Rare diseases are not as rare as their name would suggest. It is possible that as many as 2 million people are suffering from them in Poland, as they affect about 6 percent of the population.

President of ORPHAN Rare Diseases Poland, Mirosław Zieliński, estimates that there are over 6 thousand rare diseases, i.e. diseases affecting less than one person in 2 thousand. These include such conditions as phenylketonuria, cystic fibrosis, mucopolysaccharidosis II and VI, Crohn’s disease, multiple myeloma, Down syndrome, and haemophilias.

The exact number of these diseases is, however, unknown, as new types are still being discovered. Almost every week there are as many as five completely new rare diseases described in the literature. Many neoplasms are also categorised as rare diseases.

Blue-Jeans Denim Ribbon diseases

Rare diseases usually have a genetic background, often taking the form of a mutation in just one gene coding an important protein or enzyme. E.g. Fabry disease or Niemann-Pick disease—the so-called lysosomal storage diseases—are caused by a deficiency of just one enzyme. As the English words genes and jeans are homophones, the blue-jeans denim ribbon has become a symbol of support for people suffering from rare diseases.

In most cases, these diseases are diagnosed at an early age—children constitute as many as 70 percent of all patients. According to Professor Jolanta Sykut-Cegielska from the Children’s Memorial Health Institute in Warsaw, one in two of these children does not survive into adulthood.

For example, Ola, 11, has been suffering from Leigh’s disease (juvenile subacute necrotizing encephalomyelopathy) for eight years. The disease manifests itself relatively early, usually between the child’s third and twenty-fourth month of life. Ola was three years old when she fell ill and has been increasingly disabled since then. She is unable to walk, hardly able to speak and can’t keep her balance on her own. She has epileptic fits, uncontrolled muscle tension and myalgia, as well as dystonia (involuntary movements causing the twisting and bending of various parts of the body).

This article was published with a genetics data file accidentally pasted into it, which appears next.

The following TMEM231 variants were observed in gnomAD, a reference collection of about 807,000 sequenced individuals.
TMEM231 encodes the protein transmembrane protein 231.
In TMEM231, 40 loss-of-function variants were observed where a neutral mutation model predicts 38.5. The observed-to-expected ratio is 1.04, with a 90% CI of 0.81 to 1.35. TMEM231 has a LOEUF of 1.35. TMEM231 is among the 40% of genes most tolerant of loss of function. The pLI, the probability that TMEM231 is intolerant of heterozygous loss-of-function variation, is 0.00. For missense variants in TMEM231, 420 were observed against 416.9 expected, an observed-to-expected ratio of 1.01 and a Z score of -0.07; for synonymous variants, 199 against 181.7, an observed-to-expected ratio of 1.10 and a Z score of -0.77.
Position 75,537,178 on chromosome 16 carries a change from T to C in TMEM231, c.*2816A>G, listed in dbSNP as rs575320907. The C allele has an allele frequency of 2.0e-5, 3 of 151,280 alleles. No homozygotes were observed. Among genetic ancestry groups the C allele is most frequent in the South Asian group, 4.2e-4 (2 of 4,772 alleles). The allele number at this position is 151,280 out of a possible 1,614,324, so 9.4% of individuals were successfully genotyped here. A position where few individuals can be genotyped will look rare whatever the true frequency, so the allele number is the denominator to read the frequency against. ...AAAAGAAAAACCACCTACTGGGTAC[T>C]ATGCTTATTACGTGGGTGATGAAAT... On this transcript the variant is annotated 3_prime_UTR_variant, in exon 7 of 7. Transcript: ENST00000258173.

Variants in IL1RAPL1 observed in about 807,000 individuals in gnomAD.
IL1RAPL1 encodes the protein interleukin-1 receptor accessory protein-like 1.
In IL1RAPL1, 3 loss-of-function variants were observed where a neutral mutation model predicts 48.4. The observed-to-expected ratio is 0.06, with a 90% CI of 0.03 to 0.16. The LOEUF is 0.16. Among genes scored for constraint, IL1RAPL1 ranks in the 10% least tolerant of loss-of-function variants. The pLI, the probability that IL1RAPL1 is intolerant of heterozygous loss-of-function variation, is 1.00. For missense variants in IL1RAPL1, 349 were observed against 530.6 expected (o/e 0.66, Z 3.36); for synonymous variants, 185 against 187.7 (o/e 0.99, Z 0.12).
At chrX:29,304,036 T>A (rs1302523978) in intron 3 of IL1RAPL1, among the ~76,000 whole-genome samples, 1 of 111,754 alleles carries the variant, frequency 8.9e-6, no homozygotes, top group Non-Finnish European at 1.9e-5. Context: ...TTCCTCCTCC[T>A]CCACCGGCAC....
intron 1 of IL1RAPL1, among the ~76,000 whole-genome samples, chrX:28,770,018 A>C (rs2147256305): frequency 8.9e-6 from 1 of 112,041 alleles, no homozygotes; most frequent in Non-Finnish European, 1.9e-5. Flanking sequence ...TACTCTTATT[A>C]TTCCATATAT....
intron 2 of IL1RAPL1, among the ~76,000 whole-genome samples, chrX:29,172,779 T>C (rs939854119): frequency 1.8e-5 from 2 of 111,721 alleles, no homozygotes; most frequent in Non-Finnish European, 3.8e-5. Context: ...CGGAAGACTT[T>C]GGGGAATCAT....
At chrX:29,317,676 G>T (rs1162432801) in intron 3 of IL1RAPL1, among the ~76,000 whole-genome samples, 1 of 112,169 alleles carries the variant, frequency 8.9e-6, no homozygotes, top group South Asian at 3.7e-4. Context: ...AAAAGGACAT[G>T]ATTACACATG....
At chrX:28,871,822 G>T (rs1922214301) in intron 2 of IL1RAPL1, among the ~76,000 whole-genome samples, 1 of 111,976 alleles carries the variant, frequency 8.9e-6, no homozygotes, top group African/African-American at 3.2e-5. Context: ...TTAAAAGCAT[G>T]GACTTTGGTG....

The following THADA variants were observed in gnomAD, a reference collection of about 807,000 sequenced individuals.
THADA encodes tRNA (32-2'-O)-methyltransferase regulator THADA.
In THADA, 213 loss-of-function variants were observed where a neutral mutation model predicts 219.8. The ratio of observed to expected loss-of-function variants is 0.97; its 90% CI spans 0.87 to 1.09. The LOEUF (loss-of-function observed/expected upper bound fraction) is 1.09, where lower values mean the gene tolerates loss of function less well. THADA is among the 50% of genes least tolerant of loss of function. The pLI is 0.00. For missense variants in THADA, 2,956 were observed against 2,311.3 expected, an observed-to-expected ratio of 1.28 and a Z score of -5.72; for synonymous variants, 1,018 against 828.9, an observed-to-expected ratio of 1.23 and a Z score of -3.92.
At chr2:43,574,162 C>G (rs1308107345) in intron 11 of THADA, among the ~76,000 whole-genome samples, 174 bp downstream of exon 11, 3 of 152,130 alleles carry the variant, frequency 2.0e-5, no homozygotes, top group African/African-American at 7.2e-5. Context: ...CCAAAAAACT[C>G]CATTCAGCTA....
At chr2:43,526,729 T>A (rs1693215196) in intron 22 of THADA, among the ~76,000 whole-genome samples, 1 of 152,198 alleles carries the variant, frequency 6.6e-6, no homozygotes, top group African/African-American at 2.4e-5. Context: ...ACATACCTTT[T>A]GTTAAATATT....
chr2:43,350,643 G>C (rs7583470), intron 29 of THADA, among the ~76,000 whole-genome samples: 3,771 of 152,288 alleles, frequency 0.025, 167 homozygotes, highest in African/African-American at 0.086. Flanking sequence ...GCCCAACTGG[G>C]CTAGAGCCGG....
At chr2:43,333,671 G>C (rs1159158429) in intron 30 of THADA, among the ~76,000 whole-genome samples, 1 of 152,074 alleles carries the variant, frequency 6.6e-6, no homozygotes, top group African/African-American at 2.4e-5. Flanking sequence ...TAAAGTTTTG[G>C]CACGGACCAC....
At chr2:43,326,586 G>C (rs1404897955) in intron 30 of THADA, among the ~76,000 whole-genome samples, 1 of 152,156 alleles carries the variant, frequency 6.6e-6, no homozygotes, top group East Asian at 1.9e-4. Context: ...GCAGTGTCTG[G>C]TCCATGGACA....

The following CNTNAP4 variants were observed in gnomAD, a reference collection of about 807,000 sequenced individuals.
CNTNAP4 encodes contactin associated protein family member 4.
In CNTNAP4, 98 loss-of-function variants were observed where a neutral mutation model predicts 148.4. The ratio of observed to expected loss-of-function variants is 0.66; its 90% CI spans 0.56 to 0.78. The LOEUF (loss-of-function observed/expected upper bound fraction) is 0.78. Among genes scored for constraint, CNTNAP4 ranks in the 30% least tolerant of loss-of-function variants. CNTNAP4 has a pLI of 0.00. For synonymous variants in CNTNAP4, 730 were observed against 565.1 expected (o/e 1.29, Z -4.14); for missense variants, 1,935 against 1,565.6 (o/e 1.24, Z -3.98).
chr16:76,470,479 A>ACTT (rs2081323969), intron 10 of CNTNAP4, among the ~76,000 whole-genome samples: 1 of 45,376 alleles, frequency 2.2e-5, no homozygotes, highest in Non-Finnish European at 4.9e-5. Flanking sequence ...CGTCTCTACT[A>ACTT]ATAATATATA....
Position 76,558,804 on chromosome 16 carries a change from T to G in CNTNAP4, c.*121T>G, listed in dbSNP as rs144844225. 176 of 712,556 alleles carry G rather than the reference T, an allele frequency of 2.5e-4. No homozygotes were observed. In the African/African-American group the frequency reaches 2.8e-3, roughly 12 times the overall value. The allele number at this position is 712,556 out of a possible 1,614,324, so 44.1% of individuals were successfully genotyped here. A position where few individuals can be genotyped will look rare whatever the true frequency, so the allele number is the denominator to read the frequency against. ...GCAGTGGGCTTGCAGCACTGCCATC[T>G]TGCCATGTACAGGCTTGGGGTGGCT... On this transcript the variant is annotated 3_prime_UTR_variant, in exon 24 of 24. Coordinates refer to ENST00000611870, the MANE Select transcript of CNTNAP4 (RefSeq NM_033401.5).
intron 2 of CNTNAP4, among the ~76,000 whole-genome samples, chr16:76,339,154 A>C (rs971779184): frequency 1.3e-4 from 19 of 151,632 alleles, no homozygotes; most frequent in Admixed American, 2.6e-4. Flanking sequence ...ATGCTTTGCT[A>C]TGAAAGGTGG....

People affected by rare diseases require special care, as they not only suffer, but also feel socially excluded.

“They are in need of special support so that they don’t feel lost, rejected, and lonely," stresses Anna Dymna, the founder and President of the “Mimo Wszystko" Foundation. In her view, loneliness can be a greater suffering than the disease itself. She explains that all too often people suffering from rare diseases are not understood, as they differ even from people with “regular" disabilities.

In need of specialised treatment

Mirosław Zieliński emphasises that rare diseases often require specialised treatment. This is problematic, because patients and their families often find it very difficult to be admitted to the right specialists. What’s more, in most cases, the costs of therapy are so high that they are not always an option.

The treatment of Hunter syndrome affecting at least 20 children in Poland costs nearly PLN 800-900 thousand a year. This disease is caused by the lack of just one enzyme. Its symptoms include distinct facial features; enlarged head and abdomen, problems with breathing, walking and hearing, and also cardiac defects and brain damage.

Most cases of rare diseases are diagnosed by accident. Only some of them can be discovered during screening tests. In Poland, we have a well-developed procedure for diagnosing 20 inborn errors of metabolism. This is performed through screening tests involving taking a blood sample in hospital and covers 52 percent of infants.

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